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The Actuary The magazine of the Institute & Faculty of Actuaries

SIAS sessional meeting: Twin peaks – the enhanced capital requirement for realistic basis life fir

The regulation of the life insurance industry in the UK is currently undergoing significant change. Since August 2002 the larger insurance firms have been making private half-yearly disclosures of their liabilities on a realistic basis to the Financial Services Authority. For these submissions liabilities, including discretionary benefits, are valued using a market-consistent approach. In August 2003 the FSA published a consultation paper, CP195 (‘Enhanced capital requirements and individual capital assessments for life insurers’). This consultation paper included draft rules and guidance on the ‘twin peaks’ approach to assessing capital requirements for with-profits business, providing the first formal consultation in the development of the new regime.

CP195 was the subject matter and the springboard for Martin Muir and Richard Waller’s paper, ‘Twin peaks: the enhanced capital requirement for realistic basis life firms’. As well as summarising the development of the twin peaks approach, the authors provided a critique of the proposed approach and discussed the issues surrounding market-consistent valuations and assumptions – including the choice of asset model and the calibration of that model. The paper also identified possible implications for the management of with-profits business under the new regime.

The paper was presented at a SIAS sessional meeting at Staple Inn on 5 November 2003. In the debate that followed, there was widespread acknowledgement that the new regime presents a significant step forward as regards promoting sound risk management in with-profits firms. Market-consistent techniques can be helpful in providing greater insight into the risks that a with-profits fund is exposed to, and can assist in developing appropriate risk mitigation measures. The techniques can also assist in pricing with-profits guarantees.

Concerns were raised that a market-consistent calculation of liabilities, albeit subject to a stress test, may not be the most appropriate underpin for the calculation of regulatory capital. In particular, the inability to hedge with-profits insurance liabilities fully in the market reduces the security offered by a capital assessment based on the theoretical price of hedging these liabilities. In addition, market-consistent liabilities are based on the marginal cost of buying and selling. The appropriateness of this basis was questioned in light of the substantial size of the larger firms’ liabilities.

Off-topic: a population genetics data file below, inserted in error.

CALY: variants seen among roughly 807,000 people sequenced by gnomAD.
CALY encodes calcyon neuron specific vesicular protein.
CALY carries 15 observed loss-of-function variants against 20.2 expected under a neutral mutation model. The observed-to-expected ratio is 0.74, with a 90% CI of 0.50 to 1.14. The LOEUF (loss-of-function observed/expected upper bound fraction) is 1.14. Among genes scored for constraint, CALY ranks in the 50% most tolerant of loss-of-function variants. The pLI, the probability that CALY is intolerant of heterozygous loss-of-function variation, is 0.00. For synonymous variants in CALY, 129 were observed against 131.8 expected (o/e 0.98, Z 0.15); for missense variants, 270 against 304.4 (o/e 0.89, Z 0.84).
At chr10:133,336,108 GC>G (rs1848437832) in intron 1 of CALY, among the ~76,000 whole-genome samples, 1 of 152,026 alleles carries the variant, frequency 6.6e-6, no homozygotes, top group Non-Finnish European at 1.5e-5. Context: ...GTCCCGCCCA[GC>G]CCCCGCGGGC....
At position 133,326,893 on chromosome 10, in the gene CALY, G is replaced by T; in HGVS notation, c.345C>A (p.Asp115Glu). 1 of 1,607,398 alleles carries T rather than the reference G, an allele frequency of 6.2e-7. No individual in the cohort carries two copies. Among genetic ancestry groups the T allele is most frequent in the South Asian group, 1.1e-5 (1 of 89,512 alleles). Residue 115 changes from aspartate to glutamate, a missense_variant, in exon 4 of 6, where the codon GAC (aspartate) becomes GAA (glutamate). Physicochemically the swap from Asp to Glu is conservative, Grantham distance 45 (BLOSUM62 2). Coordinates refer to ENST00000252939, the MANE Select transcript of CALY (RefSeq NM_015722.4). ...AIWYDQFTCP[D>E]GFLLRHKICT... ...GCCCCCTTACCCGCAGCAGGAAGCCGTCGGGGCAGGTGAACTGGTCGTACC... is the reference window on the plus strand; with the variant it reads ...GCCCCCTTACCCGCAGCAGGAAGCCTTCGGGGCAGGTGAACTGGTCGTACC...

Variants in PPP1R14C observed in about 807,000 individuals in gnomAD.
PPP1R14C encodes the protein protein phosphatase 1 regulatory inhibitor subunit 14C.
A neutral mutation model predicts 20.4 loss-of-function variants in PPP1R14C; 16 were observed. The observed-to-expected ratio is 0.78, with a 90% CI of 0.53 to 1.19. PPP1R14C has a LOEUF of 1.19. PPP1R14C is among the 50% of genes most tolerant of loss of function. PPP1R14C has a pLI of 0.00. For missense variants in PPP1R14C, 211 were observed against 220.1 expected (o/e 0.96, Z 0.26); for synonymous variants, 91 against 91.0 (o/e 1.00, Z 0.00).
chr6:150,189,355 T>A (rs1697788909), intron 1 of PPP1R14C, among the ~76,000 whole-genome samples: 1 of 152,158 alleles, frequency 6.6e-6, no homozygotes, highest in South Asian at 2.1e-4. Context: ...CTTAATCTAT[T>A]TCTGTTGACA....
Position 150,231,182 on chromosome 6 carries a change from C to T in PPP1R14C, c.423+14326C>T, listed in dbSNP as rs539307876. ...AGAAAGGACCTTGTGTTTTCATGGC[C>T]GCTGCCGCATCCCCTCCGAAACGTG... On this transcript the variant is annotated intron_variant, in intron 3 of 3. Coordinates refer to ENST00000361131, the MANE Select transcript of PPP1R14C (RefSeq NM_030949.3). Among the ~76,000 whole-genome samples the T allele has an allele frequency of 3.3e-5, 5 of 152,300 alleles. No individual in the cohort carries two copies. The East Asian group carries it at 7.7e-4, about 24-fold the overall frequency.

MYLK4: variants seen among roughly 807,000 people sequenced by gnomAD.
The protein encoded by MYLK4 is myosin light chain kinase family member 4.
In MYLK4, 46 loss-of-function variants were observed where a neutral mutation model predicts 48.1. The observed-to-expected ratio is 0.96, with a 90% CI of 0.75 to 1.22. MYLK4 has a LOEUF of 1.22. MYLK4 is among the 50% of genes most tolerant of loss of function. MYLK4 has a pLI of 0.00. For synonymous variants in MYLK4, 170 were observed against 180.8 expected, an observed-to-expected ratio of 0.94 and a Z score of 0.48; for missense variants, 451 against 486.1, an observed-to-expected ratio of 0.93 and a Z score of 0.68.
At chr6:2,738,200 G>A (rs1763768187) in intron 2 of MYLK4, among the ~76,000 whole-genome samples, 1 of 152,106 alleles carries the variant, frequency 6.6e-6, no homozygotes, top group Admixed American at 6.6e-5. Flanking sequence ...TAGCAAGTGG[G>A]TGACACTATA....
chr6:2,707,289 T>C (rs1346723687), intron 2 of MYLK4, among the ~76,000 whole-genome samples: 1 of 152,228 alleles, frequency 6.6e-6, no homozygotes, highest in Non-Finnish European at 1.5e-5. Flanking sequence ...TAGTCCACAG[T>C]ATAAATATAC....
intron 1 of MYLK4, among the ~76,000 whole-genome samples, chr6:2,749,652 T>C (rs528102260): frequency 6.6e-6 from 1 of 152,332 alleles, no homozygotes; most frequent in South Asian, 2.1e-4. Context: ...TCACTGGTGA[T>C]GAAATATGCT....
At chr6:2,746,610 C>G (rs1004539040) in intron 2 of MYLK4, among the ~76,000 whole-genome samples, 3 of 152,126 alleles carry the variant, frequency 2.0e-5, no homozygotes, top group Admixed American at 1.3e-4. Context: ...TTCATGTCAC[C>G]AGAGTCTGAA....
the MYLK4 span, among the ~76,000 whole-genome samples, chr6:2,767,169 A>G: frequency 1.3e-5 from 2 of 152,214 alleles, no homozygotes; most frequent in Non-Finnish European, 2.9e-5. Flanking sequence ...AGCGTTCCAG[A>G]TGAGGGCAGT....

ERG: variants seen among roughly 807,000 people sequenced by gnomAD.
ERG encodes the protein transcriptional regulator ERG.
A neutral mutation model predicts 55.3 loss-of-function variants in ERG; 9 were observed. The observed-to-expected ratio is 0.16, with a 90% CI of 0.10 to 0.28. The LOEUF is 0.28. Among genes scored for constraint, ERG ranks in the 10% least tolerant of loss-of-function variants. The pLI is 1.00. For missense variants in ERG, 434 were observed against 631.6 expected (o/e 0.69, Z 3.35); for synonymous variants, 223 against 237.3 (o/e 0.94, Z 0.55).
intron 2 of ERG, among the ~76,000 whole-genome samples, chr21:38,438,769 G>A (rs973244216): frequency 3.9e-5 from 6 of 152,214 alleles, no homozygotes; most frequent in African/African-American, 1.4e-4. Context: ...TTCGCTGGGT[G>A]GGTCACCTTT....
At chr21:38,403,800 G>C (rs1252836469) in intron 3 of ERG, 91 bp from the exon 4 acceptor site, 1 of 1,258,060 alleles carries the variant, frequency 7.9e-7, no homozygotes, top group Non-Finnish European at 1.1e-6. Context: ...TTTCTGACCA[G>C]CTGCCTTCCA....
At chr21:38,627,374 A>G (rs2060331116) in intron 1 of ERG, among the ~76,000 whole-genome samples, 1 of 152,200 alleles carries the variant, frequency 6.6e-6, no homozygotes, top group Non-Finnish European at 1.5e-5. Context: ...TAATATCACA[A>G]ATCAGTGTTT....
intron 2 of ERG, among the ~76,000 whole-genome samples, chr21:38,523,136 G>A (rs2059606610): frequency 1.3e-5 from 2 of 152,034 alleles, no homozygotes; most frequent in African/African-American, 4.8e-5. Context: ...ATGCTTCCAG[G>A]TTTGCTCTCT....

The authors’ view is that, as a solvency measure, a market-consistent calculation of liabilities has the advantages of being a reasonably objective, potentially comparable method. It is broadly consistent with the regulation of the banking sector and with developments in other regulatory regimes, such as the Netherlands and Switzerland. Issues such as the inability of insurance firms to close out all their risk in the market weaken the approach but do not invalidate it; in any case, individual capital assessments should address any concerns with capital requirements determined from the twin peaks calculation.

A concern expressed in the paper regarding the potential lack of comparability of different firms’ valuation results was picked up on during the meeting, and there was general agreement relating to the desirability of more detailed guidance and the development of an industry standard. Such guidance (or standard) would also remove some of the subjectivity possible under the draft regulatory proposals, especially in the calibration of asset models and the modelling of management decisions.

There was also some discussion about the likely effects of the twin peaks approach on capital markets, especially as a result of hedge funds taking positions in anticipation of buy and sell activity by insurance firms. Concern was expressed about the possible unintended consequences of the new regime, such as a reduction in the published financial strength of the insurance industry after an increase in implied volatilities, with the result that firms might become forced sellers of volatility in the future where they have been forced sellers of equities in the past.